Developing A Matrix For Intellectual Property As Subject Of International Law, Sam F. Halabi Jan 2017

Developing A Matrix For Intellectual Property As Subject Of International Law, Sam F. Halabi

Faculty Publications

Intellectual property disputes implicating diverse and seemingly unrelated international legal regimes have become more frequent, acrimonious, and high-stakes. This trend has spawned an enormous academic literature endeavoring to rationalize the approach various interpretive authorities take to intellectual property disputes. Graeme Austin and Larry Helfer's Human Rights and Intellectual Property offered a framework by which to resolve claims for or against intellectual property protection based on human rights arguments; Susy Frankel has extensively assessed the application of customary international rules of interpretation in furtherance of a rationalizing approach to complex IP conflicts; and Jerry Reichman. Paul Uhlir. and Tom Dedeurwaerdere ...


Us–Cool: How The Appellate Body Misconstrued The National Treatment Principle, Severely Restricting Agency Discretion To Promulgate Mandatory, Pro-Consumer Labeling Rules, Juscelino F. Colares, William P. Canterberry Jan 2017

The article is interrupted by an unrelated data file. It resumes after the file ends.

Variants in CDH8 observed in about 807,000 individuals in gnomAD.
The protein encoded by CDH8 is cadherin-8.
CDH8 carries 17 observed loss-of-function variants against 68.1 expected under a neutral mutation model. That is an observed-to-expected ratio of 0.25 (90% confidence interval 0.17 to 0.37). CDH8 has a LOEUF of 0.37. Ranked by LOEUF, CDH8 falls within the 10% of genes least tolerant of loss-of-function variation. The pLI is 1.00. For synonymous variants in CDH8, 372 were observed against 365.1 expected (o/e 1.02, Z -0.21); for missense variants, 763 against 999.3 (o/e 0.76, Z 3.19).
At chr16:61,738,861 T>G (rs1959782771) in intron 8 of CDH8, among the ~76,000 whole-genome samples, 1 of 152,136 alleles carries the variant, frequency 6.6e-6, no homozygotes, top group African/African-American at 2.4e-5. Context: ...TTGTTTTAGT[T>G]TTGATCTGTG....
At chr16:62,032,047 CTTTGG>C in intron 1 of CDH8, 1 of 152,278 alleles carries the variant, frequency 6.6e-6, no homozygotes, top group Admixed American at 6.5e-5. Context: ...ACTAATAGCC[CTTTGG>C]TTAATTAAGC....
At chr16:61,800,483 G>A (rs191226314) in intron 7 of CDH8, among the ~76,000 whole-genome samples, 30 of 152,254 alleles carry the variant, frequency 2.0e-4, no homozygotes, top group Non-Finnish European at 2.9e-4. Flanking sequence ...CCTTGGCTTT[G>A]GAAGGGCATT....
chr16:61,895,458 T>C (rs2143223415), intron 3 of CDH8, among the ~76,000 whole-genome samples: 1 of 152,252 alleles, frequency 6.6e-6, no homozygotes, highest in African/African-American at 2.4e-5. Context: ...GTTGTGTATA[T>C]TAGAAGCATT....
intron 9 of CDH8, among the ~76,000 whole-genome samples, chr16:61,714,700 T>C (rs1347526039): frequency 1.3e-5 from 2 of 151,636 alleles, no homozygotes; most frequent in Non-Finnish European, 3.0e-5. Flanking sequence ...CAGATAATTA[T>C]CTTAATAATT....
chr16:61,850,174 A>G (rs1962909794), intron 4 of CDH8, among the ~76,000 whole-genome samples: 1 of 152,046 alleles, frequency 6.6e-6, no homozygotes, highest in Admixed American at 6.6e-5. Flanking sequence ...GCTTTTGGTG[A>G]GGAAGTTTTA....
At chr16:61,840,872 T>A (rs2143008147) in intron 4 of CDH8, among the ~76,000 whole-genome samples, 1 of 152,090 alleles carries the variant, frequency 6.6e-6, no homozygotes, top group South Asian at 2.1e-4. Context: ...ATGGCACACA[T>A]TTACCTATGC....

Us–Cool: How The Appellate Body Misconstrued The National Treatment Principle, Severely Restricting Agency Discretion To Promulgate Mandatory, Pro-Consumer Labeling Rules, Juscelino F. Colares, William P. Canterberry

Faculty Publications

In United States–Certain Country of Origin Labeling Requirements, the Appellate Body ("AB") of the World Trade Organization ("WTO") ruled that the United States' country-of-origin labeling regulations ("COOL") on beef and pork products violated the Agreement on Technical Barriers to Trade's ("TBT") National Treatment ("NT") Principle. Aimed at promoting informed consumer choice, COOL required retailers to disclose the covered products' origin. In prior decisions under the General Agreement on Tariffs and Trade ("GATT") art. III:4, the AB correctly rejected protectionist rules that unnecessarily encumbered consumer choice by adversely affecting conditions of competition for imports. In US–COOL, however ...